Derulo shows moments later buff as ever, but all that muscle doesn't shield the chill backstage, where he attempts to take in a few minutes of downtime. "Thank you, that saved my life right now," says Derulo appreciatively as his girlfriend of nearly three years, "American Idol" season-six winner Jordin Sparks, drapes a lightweight jacket over his shoulders. Although prone to such exaggerated hyperbole, that's not the case when it comes to talking about his own career -- for despite racking up five top five singles in five years plus impressive song sales (totaling 19 million in the United States alone, according to Nielsen SoundScan, and 30 million worldwide), Derulo remains a relative unknown. But the determined artist hopes this latest round of attention will put to rest the question, Who is Jason Derulo?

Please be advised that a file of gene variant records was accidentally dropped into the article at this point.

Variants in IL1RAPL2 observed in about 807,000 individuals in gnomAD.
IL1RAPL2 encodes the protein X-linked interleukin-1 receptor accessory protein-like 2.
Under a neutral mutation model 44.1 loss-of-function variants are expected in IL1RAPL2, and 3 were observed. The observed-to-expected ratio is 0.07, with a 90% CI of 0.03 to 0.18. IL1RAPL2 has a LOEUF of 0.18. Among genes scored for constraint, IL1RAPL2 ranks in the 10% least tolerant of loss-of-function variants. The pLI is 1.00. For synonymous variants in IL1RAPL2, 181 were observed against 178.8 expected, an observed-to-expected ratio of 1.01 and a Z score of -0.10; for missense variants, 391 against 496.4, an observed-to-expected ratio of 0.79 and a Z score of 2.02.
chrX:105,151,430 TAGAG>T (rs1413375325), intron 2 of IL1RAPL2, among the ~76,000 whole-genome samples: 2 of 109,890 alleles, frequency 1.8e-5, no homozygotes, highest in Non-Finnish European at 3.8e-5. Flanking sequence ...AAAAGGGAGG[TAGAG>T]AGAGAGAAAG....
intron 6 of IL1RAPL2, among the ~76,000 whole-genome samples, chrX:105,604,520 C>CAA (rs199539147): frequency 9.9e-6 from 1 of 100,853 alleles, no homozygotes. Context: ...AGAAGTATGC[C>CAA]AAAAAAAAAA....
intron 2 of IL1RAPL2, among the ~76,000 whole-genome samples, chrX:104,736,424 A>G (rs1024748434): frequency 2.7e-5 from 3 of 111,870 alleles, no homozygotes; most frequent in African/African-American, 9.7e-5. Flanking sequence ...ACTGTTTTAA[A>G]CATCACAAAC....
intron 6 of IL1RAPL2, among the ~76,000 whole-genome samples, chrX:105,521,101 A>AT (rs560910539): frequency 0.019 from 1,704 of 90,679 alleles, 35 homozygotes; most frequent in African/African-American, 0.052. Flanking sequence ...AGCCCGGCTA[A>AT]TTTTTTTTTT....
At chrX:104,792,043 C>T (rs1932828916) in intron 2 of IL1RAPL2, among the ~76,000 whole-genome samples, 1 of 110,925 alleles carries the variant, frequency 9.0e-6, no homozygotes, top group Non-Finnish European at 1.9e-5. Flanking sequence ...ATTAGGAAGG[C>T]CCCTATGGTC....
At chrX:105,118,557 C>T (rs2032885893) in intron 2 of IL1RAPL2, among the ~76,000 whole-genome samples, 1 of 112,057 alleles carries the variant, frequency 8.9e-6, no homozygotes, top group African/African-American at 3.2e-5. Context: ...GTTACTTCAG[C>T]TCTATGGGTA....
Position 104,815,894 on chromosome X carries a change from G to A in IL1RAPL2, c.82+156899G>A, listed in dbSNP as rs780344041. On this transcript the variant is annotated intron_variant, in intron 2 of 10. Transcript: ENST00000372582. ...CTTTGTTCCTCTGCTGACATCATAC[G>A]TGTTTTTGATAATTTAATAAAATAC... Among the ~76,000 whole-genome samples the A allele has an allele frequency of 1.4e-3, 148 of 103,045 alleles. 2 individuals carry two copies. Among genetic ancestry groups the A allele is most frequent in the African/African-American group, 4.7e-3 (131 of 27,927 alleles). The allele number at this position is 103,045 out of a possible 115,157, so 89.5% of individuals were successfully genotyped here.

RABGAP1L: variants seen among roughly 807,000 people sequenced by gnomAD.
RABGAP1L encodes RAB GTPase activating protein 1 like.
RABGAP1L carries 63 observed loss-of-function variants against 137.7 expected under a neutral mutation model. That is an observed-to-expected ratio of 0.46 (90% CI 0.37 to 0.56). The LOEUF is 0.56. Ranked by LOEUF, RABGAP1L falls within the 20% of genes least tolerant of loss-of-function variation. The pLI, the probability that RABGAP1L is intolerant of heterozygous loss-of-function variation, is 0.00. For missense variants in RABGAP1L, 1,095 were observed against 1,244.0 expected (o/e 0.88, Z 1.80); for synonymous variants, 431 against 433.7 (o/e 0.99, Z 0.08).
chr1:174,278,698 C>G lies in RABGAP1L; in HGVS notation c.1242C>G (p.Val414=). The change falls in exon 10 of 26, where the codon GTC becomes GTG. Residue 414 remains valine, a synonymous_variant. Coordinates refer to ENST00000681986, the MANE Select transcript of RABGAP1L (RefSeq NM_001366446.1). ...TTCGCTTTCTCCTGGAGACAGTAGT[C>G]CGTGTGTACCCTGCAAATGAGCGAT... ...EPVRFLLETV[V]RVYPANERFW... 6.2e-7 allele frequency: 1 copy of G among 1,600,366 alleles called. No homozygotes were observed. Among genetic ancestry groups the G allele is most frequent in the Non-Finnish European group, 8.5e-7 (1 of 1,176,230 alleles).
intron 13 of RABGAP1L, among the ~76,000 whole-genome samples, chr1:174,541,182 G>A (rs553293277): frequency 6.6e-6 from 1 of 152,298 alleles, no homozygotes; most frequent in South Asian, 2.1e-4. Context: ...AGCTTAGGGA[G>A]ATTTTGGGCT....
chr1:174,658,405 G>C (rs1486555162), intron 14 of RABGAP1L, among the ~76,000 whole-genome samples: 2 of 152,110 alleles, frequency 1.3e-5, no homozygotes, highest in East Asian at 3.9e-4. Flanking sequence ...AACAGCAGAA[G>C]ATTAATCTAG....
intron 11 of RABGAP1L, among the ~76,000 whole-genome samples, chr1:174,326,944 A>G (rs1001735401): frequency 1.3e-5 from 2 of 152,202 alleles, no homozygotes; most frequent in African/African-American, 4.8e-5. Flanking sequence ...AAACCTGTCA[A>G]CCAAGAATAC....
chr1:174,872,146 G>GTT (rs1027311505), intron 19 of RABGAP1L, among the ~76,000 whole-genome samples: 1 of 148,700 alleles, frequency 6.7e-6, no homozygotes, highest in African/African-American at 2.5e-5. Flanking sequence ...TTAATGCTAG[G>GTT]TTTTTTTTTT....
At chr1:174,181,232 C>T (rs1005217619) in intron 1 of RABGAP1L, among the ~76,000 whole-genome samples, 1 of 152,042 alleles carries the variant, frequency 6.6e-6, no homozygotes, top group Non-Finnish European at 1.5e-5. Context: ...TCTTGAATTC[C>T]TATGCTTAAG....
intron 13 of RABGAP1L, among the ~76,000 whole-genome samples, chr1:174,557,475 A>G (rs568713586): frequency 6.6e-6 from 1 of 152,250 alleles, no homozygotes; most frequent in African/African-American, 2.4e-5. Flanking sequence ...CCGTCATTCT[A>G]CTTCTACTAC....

It's a first-world problem: Derulo had hits in such quick succession that he and his team had no time to properly strategize an image campaign. "Even though I had sold millions in America, people still didn't know who I was," he admits. Another hurdle: Derulo was never marketed as an R&B artist, something his manager Frank Harris, CEO of 23 Management, feels confused his audience. "Everyone thought he wasn't black, whatever that meant," says Harris. "That he was a corny kid who lacked swag and coolness. While Jason grew up rooted in Michael Jackson and Usher, he was just making music he enjoyed. Perceptions about him were totally off. It was hard."
Putting an effective pause to the momentum just after his sixth single, "It Girl," peaked at No. 17 on the Hot 100, was an accident that not only came close to killing his career, but almost ended his life. While rehearsing outside of Miami for a world tour in January 2012, Derulo attempted a challenging acrobatic move and accidentally landed on his head, snapping a vertebra in his neck. "He was less than an inch away from being permanently paralyzed," says Harris.